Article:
Ruth and I stayed in Cheltenham in the Cotswolds for 2 nights. Cheltenham was only 13 miles from Gloucester, which has a magnificent cathedral we had never seen. Public transportation would take us there in less than an hour. We went and I’m certainly glad we made the effort. We had already seen York Minster and planned to see Hereford Cathedral because of its Mappa Mundi and chained library. However, after a while all cathedrals seem alike. Gloucester was decidedly different. It turned out to be the most active religious institution of its type we had ever been in, and we were very lucky to go when we did.
There has been a place of worship on the spot now occupied by Gloucester Cathedral for more than 13 centuries because an abbey was founded there in 679. A Norman church stood on this spot in 1100, and its interior has largely remained as it was way back then. It’s still almost completely Norman with massive pillars untouched since their completion. Standing in its Norman nave is like time-traveling back to the Middle Ages. Gloucester’s 14th century roof is said to be the finest in Europe. There are crypt, medieval library, and tower tours. There are concerts and choral programs scheduled regularly. It even has an eating establishment called The Monk’s Kitchen in it.
What sets Gloucester Cathedral apart from say, Canterbury, is its focus on children. Adults flock to it for its Anglo Saxon authenticity, monastic life revelations, pilgrimage history, and royal connections while children benefit from its child-centered approach to everything. “Where learning comes to life,” is an often repeated phrase here and teacher Ruth really responded to this aspect. One field trip teacher commented, “I can’t rate the day more highly. The children loved dressing up and they learned so much”. As I said above, we were very lucky to have made the journey there when we did since the entire cathedral would be closed for the next 3 days to provide seasonal services for 10 schools. Each school was represented by a full-sized plaster or plastic sheep. They were lined up near the entrance, and a child-centered service began while we were still inside. Its goal was to provide support before the children involved started attended high school. This struck us as a great way to keep children involved, and I was not overly surprised to learn that one of this cathedral’s main claims to recent fame is the fact that scenes from Harry Potter and the Sorcerer’s Stone were shot here. Gloucester’s royal connections include the fact that King Edward II was buried here in 1327 after being murdered. His son commissioned his official tomb here 3 years later.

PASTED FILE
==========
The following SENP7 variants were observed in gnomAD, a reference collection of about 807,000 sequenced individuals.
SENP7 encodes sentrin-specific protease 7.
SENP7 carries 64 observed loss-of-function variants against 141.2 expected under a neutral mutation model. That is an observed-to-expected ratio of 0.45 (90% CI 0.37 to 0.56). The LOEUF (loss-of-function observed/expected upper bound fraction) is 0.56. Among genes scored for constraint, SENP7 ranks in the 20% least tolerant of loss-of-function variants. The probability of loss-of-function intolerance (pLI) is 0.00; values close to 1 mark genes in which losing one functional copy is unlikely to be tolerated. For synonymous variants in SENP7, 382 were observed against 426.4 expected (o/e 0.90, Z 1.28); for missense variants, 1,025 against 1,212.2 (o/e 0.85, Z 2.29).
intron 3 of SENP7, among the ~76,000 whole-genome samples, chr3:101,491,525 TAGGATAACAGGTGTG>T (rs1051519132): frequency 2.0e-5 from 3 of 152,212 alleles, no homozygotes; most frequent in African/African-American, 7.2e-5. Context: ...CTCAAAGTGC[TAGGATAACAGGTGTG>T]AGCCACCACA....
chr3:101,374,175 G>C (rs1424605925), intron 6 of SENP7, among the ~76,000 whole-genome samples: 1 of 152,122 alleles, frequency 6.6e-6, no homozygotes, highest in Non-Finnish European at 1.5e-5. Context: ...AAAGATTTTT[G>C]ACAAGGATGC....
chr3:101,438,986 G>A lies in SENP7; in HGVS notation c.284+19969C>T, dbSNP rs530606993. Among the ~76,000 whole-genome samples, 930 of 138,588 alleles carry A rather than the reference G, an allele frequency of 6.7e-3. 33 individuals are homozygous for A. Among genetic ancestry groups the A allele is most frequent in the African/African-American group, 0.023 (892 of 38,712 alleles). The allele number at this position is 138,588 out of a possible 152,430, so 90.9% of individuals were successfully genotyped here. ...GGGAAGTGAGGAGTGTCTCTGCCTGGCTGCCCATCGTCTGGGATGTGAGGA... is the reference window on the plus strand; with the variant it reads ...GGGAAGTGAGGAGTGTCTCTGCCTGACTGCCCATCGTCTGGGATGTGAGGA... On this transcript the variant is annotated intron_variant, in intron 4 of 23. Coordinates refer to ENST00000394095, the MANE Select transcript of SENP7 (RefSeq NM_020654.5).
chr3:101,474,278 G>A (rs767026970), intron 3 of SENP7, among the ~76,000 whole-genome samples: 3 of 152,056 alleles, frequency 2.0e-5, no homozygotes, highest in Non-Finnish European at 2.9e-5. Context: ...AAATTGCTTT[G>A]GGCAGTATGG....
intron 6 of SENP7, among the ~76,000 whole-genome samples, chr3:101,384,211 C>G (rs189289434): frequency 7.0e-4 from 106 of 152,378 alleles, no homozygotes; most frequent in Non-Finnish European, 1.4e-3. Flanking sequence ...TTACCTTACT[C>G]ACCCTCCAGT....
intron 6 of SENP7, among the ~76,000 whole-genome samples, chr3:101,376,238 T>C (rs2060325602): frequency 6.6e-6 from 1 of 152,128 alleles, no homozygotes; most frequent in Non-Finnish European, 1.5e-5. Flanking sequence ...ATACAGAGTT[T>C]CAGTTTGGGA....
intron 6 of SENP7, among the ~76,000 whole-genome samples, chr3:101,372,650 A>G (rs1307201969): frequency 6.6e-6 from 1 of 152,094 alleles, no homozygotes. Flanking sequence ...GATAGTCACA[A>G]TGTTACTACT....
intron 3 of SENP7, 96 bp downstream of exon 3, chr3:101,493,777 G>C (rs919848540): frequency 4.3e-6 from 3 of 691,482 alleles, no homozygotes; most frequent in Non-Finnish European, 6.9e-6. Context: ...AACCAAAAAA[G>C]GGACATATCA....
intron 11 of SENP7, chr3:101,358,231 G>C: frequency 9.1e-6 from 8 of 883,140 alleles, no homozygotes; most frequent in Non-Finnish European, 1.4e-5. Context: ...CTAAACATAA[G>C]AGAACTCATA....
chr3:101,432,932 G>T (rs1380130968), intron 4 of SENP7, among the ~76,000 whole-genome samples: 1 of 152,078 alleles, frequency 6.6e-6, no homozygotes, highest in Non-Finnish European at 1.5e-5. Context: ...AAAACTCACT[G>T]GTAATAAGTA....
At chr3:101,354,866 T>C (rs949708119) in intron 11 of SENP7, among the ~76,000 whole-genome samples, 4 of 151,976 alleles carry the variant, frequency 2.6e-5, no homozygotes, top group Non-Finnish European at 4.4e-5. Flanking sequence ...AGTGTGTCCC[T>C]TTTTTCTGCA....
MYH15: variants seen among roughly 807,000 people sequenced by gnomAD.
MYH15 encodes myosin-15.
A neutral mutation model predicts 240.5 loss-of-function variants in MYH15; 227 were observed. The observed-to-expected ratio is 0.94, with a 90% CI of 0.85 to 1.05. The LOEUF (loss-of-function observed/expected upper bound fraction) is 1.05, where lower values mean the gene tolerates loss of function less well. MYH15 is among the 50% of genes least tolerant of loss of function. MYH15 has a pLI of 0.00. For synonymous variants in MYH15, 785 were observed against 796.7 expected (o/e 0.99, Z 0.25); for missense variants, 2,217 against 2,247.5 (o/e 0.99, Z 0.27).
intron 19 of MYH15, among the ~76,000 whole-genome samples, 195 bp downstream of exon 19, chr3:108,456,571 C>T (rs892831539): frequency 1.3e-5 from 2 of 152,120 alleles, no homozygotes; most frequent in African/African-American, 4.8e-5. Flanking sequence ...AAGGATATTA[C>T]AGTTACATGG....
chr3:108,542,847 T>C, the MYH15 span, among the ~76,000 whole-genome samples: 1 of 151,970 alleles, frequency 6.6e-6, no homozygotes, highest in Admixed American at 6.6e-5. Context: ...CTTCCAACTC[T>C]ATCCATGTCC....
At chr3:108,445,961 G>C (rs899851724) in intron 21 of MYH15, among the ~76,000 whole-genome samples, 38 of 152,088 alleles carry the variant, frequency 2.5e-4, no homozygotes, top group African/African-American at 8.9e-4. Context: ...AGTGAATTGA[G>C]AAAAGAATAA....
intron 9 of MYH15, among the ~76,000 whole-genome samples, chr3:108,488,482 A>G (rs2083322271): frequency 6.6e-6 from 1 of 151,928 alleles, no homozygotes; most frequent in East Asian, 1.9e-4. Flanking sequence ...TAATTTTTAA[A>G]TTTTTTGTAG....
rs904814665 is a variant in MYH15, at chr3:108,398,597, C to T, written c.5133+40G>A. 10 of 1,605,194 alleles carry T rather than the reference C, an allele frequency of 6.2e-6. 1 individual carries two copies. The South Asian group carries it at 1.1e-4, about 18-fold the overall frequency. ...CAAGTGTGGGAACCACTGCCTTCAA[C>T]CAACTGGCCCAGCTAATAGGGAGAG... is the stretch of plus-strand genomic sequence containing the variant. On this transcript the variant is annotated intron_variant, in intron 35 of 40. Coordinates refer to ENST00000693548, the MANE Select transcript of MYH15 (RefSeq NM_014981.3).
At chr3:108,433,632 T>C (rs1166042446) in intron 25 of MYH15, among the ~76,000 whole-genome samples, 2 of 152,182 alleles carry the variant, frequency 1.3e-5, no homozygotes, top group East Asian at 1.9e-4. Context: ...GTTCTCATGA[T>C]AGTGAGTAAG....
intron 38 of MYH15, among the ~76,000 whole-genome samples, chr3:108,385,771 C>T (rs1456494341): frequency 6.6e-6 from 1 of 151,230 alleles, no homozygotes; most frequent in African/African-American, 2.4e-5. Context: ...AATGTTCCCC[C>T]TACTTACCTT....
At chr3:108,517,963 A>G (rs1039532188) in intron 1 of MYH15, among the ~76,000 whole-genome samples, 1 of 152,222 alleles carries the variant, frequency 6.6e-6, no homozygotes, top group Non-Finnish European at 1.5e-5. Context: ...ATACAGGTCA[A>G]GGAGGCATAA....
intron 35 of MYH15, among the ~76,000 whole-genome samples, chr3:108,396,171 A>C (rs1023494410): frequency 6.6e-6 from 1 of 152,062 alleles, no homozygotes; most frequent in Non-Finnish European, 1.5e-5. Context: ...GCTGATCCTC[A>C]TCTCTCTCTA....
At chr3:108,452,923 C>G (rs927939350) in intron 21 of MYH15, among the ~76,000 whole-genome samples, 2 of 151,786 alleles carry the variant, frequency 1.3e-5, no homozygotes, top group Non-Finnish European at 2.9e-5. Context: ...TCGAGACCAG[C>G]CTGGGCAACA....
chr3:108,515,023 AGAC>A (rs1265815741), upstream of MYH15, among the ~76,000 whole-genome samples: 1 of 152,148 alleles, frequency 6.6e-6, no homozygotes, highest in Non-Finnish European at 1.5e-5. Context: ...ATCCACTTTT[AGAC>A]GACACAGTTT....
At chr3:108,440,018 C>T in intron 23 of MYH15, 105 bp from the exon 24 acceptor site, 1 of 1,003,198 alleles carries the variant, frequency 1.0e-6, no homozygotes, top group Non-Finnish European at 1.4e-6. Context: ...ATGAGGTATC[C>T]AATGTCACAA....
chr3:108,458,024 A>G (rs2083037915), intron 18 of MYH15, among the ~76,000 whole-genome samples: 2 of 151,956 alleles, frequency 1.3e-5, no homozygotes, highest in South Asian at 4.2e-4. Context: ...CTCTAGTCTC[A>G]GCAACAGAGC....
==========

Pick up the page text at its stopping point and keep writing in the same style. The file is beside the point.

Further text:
Gloucester Cathedral originally took 400 years to build. I would recommend at least one entire day to experience its Norman splendor and varied activities.